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Meghan McCain: Obama Created Trump

Without President Obama, there would have been no President Trump.

Meghan McCain, The View’s token conservative, hit upon what I see as a unpleasant truth in a recent discussion among the show’s ladies. In a segment covering Barack Obama’s recent commencement speech, which included subtle attacks on President Trump, McCain explained that Donald Trump’s presidency was an answer to Barack Obama.

McCain, Sen. John McCain’s daughter, is no friend to Trump, but she lit into the left for their revisionist history of Obama’s presidency.

“He [Obama] can political anytime he wants, he’s a former president” McCain began.

“I don’t have much to say about this,” she continued. “Obviously, everyone on the left has basically appointed President Obama as nothing short of a saint. Obviously, I feel different as most Republicans and conservatives do. “

“I will say, the culture war that I believe is real and that is raging in this country was ushered in with his administration and exacerbated in the Trump Administration,” McCain added. “And if the election were held today, I do believe Trump would be re-elected. And I think at a certain point, we have to start talking to each other in the middle. And we have to start talking about the fault on both sides because he was not a perfect president and I don’t think perfect presidents would have ushered in the era of Trump.”

Preach it, sister!

I have long believed that President Obama not only broke the Republican Party, he drove much of it crazy. When she was nominated in 2016, Hillary Clinton finished the job. That unhinged quality is evident today as the party marches along behind Trump and salutes smartly as he does everything from subverting the will of Congress with fake national emergencies to suggesting that doctors inject Coronavirus patients with disinfectants to exchanging foreign aid for the investigation of political rivals.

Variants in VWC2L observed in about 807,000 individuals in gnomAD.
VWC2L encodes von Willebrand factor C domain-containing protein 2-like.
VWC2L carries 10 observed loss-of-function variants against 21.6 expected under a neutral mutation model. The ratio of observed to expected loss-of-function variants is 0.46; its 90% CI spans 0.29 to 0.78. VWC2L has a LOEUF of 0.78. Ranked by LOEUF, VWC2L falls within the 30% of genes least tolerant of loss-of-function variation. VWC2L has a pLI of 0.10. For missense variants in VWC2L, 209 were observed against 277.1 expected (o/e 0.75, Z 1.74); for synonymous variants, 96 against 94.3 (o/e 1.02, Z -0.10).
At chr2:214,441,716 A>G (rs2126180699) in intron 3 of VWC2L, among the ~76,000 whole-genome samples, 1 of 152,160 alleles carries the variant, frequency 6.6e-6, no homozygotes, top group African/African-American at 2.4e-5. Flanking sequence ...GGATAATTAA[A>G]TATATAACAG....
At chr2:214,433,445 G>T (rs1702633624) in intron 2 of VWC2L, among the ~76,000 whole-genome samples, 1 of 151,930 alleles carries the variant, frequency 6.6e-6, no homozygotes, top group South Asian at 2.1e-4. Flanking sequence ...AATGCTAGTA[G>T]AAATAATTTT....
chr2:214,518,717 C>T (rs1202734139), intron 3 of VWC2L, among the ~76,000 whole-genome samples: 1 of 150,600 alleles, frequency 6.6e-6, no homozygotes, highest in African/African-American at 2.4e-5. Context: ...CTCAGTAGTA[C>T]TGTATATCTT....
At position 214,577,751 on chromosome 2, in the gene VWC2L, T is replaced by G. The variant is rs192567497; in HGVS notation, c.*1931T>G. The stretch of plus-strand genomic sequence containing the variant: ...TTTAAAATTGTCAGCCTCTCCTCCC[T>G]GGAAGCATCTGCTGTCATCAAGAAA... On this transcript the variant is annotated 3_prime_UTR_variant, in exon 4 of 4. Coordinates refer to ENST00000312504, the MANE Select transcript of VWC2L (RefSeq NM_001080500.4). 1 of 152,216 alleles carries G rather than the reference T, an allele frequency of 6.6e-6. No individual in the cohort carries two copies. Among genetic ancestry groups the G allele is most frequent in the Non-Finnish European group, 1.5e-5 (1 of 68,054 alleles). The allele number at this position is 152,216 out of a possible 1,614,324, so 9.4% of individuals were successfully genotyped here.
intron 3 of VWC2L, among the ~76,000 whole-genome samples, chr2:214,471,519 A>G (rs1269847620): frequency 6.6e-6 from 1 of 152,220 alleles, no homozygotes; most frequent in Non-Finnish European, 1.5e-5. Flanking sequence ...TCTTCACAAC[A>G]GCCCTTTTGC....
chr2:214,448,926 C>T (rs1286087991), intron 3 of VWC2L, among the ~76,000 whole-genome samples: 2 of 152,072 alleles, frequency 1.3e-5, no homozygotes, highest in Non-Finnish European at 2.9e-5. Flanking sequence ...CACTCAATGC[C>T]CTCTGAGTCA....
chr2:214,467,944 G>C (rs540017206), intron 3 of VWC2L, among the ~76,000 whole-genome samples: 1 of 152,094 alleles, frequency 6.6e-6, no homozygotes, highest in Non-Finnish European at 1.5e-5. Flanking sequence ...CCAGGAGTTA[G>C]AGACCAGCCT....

It was Barack Obama and Hillary Clinton who so angered and frightened half the country that almost half of voters embraced Donald Trump, a man who would have never been considered in any other election year. McCain is correct that a perfect president – or even a good one – would not have left the country in such a state.

Instead, Donald Trump is the logical answer to Obama. While the left loved Obama, Republicans and conservatives saw him as arrogant, divisive, and incompetent. Therefore, Republicans embraced their own candidate who was even more arrogant, more divisive, and more incompetent. And somehow he got elected because Hillary Clinton was yet more arrogant, divisive, and incompetent.

People who criticize Trump should realize that much of his administration has followed Obama’s model. When Trump freezes out Democrats, it is little different than Obama, who rejected Republican suggestions for the 2009 stimulus package with two words: “I won.”

Both Obama and Trump are utterly devoid of any negotiating skills. All of Obama’s signature legislation was passed in his first two years, mostly with a filibuster-proof Senate majority. After Republicans took the House in 2010, he was only able to move legislation forward by executive action (sound familiar?) with the exception of the 2012 deal that averted the fiscal cliff. That deal was primarily accomplished by Speaker John Boehner and bitterly resisted by Obama.